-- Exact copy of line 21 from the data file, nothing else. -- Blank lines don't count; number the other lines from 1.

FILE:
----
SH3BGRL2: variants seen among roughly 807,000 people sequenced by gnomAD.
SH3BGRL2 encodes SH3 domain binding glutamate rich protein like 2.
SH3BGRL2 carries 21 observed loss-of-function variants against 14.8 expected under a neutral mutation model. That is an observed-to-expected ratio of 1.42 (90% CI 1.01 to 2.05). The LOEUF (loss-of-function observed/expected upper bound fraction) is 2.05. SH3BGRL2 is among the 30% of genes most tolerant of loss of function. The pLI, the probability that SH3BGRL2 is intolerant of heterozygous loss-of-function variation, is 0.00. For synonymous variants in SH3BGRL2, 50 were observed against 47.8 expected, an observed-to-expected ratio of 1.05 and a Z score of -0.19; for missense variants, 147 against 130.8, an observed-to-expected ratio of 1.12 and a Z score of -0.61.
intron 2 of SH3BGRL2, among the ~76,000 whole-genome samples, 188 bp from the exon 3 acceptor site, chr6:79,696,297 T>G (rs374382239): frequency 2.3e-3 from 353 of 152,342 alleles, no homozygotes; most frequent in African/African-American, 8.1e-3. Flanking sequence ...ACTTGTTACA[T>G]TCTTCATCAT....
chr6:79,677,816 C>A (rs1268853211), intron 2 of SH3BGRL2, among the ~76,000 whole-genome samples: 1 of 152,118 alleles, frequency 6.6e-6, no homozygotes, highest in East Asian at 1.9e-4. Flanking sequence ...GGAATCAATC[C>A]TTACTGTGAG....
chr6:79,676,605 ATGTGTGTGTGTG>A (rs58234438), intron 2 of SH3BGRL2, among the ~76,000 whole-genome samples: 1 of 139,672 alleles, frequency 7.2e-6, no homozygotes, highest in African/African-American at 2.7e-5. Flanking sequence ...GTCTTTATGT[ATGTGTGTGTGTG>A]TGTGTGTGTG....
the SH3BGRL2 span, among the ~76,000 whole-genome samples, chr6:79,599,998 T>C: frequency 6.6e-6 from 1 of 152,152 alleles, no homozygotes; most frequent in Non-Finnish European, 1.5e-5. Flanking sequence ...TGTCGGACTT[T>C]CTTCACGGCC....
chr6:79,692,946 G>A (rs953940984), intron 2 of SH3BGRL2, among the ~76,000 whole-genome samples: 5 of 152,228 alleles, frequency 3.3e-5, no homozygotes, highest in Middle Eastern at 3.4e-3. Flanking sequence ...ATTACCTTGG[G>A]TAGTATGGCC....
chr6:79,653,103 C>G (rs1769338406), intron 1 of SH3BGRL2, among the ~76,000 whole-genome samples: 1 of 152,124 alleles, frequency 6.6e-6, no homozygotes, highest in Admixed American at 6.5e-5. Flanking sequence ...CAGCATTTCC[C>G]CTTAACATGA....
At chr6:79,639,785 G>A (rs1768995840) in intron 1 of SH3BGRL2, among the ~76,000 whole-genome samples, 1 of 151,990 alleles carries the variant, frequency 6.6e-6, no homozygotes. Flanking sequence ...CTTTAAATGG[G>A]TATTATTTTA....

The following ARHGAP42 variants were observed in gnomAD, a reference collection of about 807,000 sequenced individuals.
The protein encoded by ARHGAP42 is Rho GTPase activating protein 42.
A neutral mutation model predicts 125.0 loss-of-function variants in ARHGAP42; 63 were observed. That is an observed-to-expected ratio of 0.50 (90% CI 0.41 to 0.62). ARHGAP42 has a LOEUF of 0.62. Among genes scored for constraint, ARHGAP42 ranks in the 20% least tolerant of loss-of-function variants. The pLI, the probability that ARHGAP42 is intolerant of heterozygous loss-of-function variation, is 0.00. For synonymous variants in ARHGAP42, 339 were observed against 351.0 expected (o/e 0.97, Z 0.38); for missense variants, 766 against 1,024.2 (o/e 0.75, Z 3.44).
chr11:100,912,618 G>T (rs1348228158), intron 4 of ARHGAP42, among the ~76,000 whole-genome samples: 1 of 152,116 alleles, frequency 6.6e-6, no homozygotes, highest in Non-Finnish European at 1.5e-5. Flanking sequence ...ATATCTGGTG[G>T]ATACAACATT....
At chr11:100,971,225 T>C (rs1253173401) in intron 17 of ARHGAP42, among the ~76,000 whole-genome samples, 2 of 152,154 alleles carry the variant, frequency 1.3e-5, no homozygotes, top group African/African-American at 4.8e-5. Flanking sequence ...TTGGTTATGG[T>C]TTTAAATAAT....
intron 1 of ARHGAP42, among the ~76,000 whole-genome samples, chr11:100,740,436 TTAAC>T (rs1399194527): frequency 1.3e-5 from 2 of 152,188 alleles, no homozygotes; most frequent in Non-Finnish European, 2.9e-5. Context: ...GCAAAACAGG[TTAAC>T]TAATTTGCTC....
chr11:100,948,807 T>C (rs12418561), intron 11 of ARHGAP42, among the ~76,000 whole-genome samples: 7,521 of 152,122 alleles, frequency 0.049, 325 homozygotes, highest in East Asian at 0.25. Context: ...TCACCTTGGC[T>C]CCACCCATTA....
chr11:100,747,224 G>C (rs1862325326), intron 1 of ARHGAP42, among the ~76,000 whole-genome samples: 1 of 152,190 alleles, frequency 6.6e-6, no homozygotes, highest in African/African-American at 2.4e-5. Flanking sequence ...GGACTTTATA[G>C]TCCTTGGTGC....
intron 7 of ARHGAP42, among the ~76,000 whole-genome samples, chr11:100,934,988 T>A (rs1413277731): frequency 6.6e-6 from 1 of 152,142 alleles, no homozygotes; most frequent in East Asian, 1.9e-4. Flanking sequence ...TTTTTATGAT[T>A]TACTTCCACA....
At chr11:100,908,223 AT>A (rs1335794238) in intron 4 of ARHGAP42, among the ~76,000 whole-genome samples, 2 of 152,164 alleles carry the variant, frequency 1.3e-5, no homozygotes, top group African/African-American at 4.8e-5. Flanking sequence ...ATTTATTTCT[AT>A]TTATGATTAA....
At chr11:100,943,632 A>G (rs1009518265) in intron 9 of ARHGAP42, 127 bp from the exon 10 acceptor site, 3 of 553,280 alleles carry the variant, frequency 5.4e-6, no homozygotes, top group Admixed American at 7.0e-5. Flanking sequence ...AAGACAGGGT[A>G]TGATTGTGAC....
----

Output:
At chr11:100,943,632 A>G (rs1009518265) in intron 9 of ARHGAP42, 127 bp from the exon 10 acceptor site, 3 of 553,280 alleles carry the variant, frequency 5.4e-6, no homozygotes, top group Admixed American at 7.0e-5. Flanking sequence ...AAGACAGGGT[A>G]TGATTGTGAC....